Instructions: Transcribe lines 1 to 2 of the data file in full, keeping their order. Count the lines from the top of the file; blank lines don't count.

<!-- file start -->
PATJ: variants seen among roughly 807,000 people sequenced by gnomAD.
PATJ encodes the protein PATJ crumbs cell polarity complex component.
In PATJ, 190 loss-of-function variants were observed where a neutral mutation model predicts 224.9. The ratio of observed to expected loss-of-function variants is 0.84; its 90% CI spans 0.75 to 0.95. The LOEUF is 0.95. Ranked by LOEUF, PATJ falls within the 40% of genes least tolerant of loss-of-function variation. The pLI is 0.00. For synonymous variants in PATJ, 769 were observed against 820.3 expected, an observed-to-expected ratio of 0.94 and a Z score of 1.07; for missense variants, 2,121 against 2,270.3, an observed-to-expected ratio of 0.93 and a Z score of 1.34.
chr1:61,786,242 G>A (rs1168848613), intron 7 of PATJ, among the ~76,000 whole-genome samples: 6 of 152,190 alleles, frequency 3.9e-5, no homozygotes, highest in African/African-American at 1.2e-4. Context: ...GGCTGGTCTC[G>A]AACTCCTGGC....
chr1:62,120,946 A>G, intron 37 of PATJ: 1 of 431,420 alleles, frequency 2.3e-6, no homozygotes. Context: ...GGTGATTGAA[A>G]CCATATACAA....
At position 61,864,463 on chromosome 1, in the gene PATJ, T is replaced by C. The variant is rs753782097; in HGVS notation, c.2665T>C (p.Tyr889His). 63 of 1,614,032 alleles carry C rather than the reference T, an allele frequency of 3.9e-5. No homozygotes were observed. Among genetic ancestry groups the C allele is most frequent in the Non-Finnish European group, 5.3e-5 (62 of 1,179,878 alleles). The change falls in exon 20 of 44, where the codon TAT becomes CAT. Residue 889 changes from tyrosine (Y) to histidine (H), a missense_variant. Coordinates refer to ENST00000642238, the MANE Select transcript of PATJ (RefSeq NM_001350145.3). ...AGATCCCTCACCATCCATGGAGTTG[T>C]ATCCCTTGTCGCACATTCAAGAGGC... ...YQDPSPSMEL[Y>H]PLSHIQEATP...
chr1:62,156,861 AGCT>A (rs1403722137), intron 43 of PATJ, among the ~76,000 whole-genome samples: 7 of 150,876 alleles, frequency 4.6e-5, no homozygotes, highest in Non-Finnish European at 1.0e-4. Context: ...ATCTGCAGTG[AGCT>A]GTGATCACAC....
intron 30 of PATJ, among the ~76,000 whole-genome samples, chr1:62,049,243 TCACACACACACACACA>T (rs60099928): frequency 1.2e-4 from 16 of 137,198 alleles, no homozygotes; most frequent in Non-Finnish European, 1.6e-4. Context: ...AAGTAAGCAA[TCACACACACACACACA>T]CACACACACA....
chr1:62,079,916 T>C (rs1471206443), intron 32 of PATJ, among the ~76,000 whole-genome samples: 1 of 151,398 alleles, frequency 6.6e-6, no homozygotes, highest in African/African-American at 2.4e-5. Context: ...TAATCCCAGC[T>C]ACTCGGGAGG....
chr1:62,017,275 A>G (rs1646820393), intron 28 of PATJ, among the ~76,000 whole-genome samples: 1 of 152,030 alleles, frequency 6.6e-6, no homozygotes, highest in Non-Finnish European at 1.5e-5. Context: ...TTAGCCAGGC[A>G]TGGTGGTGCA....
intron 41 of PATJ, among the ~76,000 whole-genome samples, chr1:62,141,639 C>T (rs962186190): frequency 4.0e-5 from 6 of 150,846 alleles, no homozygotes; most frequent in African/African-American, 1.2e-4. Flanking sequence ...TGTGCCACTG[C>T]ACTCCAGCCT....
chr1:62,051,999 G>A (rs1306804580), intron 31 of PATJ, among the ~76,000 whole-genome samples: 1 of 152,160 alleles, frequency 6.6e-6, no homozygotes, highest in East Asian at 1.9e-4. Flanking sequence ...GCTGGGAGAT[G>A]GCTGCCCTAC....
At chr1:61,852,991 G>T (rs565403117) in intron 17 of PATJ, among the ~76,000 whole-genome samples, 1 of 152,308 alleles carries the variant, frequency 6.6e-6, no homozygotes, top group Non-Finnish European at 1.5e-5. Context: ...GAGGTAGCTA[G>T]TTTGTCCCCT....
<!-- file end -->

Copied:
PATJ: variants seen among roughly 807,000 people sequenced by gnomAD.
PATJ encodes the protein PATJ crumbs cell polarity complex component.